The Crown’s representative in such areas held the absolute power of life and death over all the people under his jurisdiction.
There were no courts and no method of appeal or retribution against a decision rendered by the representatives of the Crown.
Even a British citizen who committed a crime in a Crown colony was subject to the Crown law.
He couldn’t appeal to British law as it didn’t apply.
As the Crown owned the committee known as the British government there was no problem getting the British taxpayer to pay for naval and military forces to maintain the Crown’s supremacy in these areas.
Any revolts were met with terrible retribution by the British navy at no cost to the Crown.
The City reaped fantastic profits from its operations conducted under the protection of the British armed forces.
This wasn’t British commerce and
The international bankers, prosperous merchants and the British aristocracy who were part of the ‘City’ machine accumulated vast
fortunes which they lavishly squandered in their pursuit of prestige and standing in British Society.
Had the wealth been spread out among all the
people in the British Isles prosperity would have abounded. (I am not suggesting that this should have been done, the thefts from the exploited
should never have occurred to begin with – Ralph.)
In spite of the wealth of the world flowing into the City the majority of the British people were barely making ends meet.
Many were impoverished to the point of despair. The elite lived in regal splendour.
The poor British peasants were never given a chance to get a cut of the action.
Simon Haxey in “England’s Money Lords Tory M.P.,” drew his readers’ attention to the “total disregard or open contempt displayed by the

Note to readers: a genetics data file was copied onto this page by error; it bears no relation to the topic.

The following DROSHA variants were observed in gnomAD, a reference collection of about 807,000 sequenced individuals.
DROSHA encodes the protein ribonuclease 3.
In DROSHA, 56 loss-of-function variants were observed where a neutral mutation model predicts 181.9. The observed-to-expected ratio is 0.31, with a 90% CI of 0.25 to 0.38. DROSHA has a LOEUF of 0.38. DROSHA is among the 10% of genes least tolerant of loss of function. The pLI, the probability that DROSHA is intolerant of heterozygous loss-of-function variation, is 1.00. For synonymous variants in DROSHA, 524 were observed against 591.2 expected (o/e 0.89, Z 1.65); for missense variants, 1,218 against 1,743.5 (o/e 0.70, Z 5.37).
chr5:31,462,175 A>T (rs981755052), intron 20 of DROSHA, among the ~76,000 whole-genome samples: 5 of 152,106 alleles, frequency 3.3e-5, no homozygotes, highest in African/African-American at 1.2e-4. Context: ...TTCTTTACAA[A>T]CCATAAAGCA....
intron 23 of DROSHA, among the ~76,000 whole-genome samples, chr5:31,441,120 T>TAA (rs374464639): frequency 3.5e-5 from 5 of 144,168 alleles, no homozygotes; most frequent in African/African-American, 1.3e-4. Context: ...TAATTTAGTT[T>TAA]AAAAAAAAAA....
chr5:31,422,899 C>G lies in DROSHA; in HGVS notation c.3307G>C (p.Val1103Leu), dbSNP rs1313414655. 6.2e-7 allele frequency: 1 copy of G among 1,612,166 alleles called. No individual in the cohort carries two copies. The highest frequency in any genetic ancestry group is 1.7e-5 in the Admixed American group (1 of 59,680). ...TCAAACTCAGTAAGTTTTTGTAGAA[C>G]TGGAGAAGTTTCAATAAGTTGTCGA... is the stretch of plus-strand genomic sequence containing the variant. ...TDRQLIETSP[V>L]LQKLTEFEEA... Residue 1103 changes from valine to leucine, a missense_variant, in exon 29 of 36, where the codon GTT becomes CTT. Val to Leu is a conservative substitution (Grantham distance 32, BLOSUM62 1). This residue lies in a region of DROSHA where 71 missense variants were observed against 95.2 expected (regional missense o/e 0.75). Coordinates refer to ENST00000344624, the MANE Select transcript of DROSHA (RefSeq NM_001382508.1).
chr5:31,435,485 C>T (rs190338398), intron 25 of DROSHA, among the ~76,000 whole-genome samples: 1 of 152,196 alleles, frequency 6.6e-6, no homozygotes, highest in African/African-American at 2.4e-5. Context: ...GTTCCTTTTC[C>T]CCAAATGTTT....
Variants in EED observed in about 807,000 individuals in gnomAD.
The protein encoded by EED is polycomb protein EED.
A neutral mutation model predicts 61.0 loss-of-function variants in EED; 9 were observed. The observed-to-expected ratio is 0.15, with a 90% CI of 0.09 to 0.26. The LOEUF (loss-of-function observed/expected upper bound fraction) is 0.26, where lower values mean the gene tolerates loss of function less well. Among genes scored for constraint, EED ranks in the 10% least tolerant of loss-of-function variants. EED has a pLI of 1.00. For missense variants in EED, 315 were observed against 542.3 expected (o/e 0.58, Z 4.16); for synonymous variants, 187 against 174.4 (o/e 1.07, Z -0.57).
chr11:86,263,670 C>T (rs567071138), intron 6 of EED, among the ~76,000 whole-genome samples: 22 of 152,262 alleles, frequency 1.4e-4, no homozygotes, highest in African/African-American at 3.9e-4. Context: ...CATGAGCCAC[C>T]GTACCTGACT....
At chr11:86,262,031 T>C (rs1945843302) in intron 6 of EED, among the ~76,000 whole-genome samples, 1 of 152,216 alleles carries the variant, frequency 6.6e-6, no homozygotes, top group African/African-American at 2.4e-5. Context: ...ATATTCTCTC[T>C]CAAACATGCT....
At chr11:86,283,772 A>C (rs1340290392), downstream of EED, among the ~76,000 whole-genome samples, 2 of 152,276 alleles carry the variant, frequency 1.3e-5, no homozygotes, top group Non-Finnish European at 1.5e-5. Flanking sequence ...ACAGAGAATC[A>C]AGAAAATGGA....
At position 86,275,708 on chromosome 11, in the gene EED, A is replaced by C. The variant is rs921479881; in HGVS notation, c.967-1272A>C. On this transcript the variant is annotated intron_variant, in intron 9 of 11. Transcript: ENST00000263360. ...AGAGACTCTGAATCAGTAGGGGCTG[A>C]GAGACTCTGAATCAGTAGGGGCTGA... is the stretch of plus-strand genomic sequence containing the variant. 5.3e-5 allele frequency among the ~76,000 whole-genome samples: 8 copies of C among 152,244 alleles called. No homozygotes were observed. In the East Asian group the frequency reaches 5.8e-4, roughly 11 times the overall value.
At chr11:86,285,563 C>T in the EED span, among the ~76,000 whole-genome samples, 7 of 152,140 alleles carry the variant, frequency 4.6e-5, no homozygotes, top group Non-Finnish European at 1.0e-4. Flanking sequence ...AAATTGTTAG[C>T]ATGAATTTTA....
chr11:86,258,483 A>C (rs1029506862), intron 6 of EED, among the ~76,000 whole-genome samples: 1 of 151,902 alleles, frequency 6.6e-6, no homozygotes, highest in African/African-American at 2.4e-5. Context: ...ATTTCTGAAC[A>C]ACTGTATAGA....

aristocracy” towards the British people.
He also asked, “What part do the colonial people play in the battle for democracy when they themselves have no democratic rights and the British governing class refuses to grant such rights” (pp. 114,115) (we all know the difference between democracy and
republics I hope – Ralph)
David Lloyd George, a future prime minister, emphasized the power of the City and its total contempt for the “wretches” who were not part of the ‘club.’ In a 1910 speech he stated: “We do most of the business of the world.
We carry more international trade – probably ten times more – than Germany. Germany carries her own trade largely.
The international trade is ours. Well, we do not do it for nothing.
As a matter of fact, our shipping brings us over a hundred millions (pounds) a year, mostly paid by that wretched foreigner.
I’m taxing the foreigner for all I know…
You’ve heard a good deal of talk here, probably, about the exportation of capital abroad.
There is no way in which we can make the foreigner pay more… We get the foreigner in four ways by that.
The first way we leave to Lord Rothschild…” (“Better Times”, published 1910).
About seventy years ago Vincent Cartwright Vickers stated that:
“…financiers in reality took upon themselves, perhaps not the responsibility, but certainly the power of controlling the markets of the